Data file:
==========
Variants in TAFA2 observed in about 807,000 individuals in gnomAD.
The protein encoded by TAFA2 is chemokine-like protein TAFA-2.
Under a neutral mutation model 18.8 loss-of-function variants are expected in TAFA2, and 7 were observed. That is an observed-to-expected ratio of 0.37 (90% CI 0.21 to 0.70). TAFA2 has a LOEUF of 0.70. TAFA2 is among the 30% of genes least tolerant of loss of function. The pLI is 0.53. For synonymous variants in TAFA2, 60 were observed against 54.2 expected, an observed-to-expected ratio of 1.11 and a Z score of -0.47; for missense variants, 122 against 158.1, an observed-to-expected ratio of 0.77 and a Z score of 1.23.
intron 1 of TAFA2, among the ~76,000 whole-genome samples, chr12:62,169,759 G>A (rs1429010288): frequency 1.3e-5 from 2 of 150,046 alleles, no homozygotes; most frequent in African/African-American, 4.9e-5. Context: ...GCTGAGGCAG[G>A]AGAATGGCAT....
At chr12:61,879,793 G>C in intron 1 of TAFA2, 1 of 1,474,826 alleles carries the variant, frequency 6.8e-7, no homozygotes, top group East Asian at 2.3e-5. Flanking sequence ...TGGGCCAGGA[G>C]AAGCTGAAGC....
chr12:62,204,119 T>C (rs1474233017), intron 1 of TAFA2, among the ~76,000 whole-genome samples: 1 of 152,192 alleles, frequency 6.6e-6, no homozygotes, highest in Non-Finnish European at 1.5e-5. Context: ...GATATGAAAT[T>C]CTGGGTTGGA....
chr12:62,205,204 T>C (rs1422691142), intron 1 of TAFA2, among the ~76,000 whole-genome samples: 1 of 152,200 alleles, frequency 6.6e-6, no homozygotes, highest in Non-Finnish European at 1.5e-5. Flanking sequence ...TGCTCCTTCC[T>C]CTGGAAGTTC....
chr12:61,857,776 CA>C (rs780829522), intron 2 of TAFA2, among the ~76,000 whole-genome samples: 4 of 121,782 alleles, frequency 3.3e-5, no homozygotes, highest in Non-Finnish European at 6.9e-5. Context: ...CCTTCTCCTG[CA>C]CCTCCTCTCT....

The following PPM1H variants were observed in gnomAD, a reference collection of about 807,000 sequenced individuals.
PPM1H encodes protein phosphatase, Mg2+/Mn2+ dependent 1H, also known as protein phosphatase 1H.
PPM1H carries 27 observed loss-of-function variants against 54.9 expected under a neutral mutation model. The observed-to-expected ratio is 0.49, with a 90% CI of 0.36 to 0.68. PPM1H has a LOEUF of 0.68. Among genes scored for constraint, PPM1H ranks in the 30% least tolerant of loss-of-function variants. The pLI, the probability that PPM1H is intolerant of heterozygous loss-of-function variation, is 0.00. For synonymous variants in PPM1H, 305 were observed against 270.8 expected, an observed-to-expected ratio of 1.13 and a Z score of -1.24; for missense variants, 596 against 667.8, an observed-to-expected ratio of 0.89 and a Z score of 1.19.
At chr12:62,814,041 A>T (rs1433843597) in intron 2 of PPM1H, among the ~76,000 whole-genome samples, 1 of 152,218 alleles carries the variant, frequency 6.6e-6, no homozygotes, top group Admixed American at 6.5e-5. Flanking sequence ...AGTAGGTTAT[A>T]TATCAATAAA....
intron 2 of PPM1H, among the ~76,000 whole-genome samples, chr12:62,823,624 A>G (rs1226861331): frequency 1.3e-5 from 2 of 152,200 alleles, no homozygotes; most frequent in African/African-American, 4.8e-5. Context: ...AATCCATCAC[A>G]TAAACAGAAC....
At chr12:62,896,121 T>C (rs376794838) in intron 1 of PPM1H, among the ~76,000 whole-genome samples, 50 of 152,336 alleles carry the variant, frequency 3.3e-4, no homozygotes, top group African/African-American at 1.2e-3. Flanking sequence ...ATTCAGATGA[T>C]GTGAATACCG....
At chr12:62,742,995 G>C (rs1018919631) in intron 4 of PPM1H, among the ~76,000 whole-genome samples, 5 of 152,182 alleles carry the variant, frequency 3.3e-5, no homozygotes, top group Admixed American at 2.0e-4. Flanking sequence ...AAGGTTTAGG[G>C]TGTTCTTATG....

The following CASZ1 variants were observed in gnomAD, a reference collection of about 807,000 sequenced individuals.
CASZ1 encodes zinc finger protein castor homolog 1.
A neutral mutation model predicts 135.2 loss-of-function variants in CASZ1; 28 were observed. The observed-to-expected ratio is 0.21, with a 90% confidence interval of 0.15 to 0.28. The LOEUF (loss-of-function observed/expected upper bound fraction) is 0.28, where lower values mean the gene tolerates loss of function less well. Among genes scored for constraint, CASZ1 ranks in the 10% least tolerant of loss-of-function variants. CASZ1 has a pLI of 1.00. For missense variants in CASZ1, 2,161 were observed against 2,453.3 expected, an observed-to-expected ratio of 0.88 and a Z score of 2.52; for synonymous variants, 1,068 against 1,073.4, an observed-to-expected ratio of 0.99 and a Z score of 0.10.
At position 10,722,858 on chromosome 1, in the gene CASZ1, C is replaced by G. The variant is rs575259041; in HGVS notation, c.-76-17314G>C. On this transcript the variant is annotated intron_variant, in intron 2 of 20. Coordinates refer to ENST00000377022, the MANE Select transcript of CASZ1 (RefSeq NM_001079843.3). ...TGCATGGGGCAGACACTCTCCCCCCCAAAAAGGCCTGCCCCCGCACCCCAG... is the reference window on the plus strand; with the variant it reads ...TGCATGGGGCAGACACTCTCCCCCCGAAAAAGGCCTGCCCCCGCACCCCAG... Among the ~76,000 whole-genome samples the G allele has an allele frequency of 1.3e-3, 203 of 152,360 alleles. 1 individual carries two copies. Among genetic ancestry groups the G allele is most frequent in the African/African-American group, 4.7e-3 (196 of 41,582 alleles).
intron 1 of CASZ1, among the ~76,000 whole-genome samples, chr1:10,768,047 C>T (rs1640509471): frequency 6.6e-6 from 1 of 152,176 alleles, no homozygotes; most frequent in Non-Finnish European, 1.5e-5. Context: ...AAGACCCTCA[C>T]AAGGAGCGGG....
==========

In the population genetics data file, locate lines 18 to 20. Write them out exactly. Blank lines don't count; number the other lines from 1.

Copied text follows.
A neutral mutation model predicts 135.2 loss-of-function variants in CASZ1; 28 were observed. The observed-to-expected ratio is 0.21, with a 90% confidence interval of 0.15 to 0.28. The LOEUF (loss-of-function observed/expected upper bound fraction) is 0.28, where lower values mean the gene tolerates loss of function less well. Among genes scored for constraint, CASZ1 ranks in the 10% least tolerant of loss-of-function variants. CASZ1 has a pLI of 1.00. For missense variants in CASZ1, 2,161 were observed against 2,453.3 expected, an observed-to-expected ratio of 0.88 and a Z score of 2.52; for synonymous variants, 1,068 against 1,073.4, an observed-to-expected ratio of 0.99 and a Z score of 0.10.
At position 10,722,858 on chromosome 1, in the gene CASZ1, C is replaced by G. The variant is rs575259041; in HGVS notation, c.-76-17314G>C. On this transcript the variant is annotated intron_variant, in intron 2 of 20. Coordinates refer to ENST00000377022, the MANE Select transcript of CASZ1 (RefSeq NM_001079843.3). ...TGCATGGGGCAGACACTCTCCCCCCCAAAAAGGCCTGCCCCCGCACCCCAG... is the reference window on the plus strand; with the variant it reads ...TGCATGGGGCAGACACTCTCCCCCCGAAAAAGGCCTGCCCCCGCACCCCAG... Among the ~76,000 whole-genome samples the G allele has an allele frequency of 1.3e-3, 203 of 152,360 alleles. 1 individual carries two copies. Among genetic ancestry groups the G allele is most frequent in the African/African-American group, 4.7e-3 (196 of 41,582 alleles).
intron 1 of CASZ1, among the ~76,000 whole-genome samples, chr1:10,768,047 C>T (rs1640509471): frequency 6.6e-6 from 1 of 152,176 alleles, no homozygotes; most frequent in Non-Finnish European, 1.5e-5. Context: ...AAGACCCTCA[C>T]AAGGAGCGGG....